Not having a clear, marketable title can create problems if the farmer attempts to obtain a loan. “It’s harder to access USDA programs,” said McClendon, adding that USDA has taken steps to help heirs’ property owners access programs. “However, there are still some legal hoops to jump through to qualify, and sometimes property owners aren’t aware of those additional legal steps and may not have the resources.”
Heirs’ properties typically do not have clear titles, so McClendon urged farmers with heirs’ property to first clear the title. “Multiple people own the property or a partial interest in the property, but their names are nowhere to be found in land records for that property,” she said. “There’s incomplete legal work done after the original property owner died and no one went to probate court to have the estate administered. Or it could be that they had a will done and someone went to probate court and filed the will but didn’t do anything else.”
Having a clear title means owners can be identified by a third party. “When you go to land records for the county where the land is located, you can see who owns a property,” said McClendon. “It also means there are no ownership claims against the property by other parties.” The owners listed in county property records should match the actual property owners.
After clearing a title, consolidate it to reduce the number of people who are record title owners to the property, which can be done in several ways, such as transfer to one or two owners through sale or as a gift. In some cases, family members will turn things over to one member to continue the farm; in other cases, family members want their fair share in a buyout. With title transfers, McClendon reminded farmers to consider the potential for long-term care.
“Transferring property into or out of your name can impact eligibility for financial assistance for long-term care,” she said. “Make sure to plan in a way that allows you to pay for long-term care needs while protecting land and other assets to keep those assets in place.” She suggested working with an attorney who understands wills, trusts and farm transition planning.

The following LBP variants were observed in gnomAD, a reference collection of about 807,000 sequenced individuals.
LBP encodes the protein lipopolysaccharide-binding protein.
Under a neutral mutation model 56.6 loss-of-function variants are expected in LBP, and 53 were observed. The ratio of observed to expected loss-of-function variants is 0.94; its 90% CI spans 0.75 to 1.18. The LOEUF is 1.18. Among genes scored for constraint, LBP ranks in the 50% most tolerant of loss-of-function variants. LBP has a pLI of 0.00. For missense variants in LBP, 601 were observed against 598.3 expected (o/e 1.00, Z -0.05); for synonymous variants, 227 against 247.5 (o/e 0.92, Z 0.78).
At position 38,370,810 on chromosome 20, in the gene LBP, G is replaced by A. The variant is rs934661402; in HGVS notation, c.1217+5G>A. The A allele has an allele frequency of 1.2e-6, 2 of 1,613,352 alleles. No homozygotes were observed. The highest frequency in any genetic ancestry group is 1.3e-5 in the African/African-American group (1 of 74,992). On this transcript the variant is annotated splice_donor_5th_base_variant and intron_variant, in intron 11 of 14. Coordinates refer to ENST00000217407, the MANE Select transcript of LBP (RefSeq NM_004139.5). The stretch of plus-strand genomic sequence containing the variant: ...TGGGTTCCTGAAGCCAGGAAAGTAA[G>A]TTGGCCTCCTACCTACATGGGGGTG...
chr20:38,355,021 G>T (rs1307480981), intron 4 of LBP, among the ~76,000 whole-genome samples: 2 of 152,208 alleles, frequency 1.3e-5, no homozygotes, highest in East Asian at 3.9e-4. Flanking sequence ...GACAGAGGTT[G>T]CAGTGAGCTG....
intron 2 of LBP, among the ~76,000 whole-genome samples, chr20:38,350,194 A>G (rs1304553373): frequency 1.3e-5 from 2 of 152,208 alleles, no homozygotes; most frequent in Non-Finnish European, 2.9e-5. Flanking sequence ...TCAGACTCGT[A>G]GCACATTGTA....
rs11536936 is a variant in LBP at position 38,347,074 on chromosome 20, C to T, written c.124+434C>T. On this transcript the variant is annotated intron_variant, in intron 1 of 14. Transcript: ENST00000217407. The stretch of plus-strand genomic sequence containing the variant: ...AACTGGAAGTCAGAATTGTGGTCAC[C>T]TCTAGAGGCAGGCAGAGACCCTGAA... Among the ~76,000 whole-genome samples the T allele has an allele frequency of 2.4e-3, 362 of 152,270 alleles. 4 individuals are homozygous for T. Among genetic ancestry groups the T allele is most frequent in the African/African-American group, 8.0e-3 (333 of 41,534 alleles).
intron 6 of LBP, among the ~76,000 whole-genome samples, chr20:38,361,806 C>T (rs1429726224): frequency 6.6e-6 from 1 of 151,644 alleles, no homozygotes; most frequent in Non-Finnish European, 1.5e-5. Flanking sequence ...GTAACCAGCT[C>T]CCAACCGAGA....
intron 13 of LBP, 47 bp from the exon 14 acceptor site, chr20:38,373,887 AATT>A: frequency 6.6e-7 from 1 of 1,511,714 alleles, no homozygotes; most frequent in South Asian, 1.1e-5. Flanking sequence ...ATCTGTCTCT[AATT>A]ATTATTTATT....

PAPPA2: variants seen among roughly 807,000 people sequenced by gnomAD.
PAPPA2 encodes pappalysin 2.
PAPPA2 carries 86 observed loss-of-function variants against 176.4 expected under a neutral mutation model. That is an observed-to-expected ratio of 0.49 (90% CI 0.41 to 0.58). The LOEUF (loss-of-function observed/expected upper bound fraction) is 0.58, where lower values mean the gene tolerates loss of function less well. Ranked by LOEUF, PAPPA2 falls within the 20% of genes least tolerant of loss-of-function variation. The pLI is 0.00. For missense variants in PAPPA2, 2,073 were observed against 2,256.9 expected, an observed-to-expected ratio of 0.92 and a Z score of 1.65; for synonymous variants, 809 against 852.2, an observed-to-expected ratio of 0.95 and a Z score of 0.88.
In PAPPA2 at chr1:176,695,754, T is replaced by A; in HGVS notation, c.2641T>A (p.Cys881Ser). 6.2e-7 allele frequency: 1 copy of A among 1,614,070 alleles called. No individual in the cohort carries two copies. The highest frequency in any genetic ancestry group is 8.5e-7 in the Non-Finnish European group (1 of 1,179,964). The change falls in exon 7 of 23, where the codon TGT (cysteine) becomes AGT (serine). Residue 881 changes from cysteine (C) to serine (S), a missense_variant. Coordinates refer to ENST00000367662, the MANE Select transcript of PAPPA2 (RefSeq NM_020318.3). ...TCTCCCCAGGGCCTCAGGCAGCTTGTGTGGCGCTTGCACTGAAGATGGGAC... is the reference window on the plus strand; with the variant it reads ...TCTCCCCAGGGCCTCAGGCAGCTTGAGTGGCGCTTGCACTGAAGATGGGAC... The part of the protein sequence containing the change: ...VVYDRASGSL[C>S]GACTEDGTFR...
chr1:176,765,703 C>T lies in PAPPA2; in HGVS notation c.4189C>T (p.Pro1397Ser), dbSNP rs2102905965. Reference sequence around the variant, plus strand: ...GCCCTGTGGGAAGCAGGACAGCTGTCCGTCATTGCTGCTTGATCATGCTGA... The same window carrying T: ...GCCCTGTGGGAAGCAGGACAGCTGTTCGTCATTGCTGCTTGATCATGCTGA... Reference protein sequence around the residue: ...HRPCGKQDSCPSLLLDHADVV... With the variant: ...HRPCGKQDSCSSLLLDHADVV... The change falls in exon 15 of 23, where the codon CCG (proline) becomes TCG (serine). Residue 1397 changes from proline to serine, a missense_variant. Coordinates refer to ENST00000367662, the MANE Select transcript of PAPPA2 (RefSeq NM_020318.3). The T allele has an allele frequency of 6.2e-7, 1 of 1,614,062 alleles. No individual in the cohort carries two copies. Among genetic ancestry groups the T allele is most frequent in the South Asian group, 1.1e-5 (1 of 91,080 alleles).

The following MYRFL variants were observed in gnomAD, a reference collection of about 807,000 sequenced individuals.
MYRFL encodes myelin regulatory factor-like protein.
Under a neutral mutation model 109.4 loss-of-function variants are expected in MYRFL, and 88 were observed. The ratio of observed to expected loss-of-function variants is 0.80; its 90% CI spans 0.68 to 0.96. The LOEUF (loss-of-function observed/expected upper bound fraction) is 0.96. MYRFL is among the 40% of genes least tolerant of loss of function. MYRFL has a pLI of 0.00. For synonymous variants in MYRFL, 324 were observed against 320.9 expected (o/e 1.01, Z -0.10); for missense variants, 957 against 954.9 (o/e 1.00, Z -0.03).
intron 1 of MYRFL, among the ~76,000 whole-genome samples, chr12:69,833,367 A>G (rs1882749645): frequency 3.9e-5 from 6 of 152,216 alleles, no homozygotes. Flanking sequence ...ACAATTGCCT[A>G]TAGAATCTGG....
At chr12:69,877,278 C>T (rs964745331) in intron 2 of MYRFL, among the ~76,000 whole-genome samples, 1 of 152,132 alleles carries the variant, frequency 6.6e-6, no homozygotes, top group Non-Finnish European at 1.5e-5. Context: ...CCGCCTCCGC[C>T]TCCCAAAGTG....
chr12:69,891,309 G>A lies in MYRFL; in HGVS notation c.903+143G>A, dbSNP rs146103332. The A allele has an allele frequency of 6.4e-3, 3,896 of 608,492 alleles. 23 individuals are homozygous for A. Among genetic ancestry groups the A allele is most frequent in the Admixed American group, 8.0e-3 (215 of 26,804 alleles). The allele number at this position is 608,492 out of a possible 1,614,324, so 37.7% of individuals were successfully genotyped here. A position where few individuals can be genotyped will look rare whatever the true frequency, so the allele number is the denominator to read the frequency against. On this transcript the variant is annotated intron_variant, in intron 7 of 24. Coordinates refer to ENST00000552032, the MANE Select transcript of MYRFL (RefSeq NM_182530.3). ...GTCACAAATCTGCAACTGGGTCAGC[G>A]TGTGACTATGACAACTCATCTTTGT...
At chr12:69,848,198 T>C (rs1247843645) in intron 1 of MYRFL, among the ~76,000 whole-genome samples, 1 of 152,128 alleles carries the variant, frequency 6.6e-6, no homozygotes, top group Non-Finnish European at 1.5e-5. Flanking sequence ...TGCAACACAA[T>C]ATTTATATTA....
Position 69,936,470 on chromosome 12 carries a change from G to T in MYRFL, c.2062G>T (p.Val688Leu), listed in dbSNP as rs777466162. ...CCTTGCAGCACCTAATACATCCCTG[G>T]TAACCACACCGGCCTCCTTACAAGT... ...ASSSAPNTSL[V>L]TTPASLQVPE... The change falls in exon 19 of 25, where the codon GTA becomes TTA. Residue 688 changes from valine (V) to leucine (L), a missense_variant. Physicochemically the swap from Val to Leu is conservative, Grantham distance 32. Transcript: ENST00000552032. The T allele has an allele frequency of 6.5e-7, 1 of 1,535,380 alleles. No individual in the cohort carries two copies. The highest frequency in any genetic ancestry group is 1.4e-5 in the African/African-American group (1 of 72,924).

Next, if the property is not in farming, convert it to profitable use and make the land pay for itself. “You might want to contact [the local] USDA office for technical or financial assistance programs to make the land income-producing,” said McClendon. “Consider hiring a land consultant, someone who’s well-versed in forestry and timber management, or someone who can help think of agritourism ideas. Make sure the farm is as profitable as it can be.”
Finally, create a succession plan that will allow a seamless transition of property from one generation to the next. McClendon encouraged families to obtain legal advice to deal with the paperwork involved. Everyone should understand the legacy at stake, what they will receive in the future and what it takes to get it. She urged families to keep one another involved throughout the process because as land is being transferred, family history is also being transferred. Technical skills and farm and land management should be passed on to the next generation.
“Be creative and be competitive,” said McClendon. “When you’re planning for your land, there is no one-size-fits-all. Every family is different, land is different, your vision for the property is different. Come up with a strategy that fits your family situation.”
by Sally Colby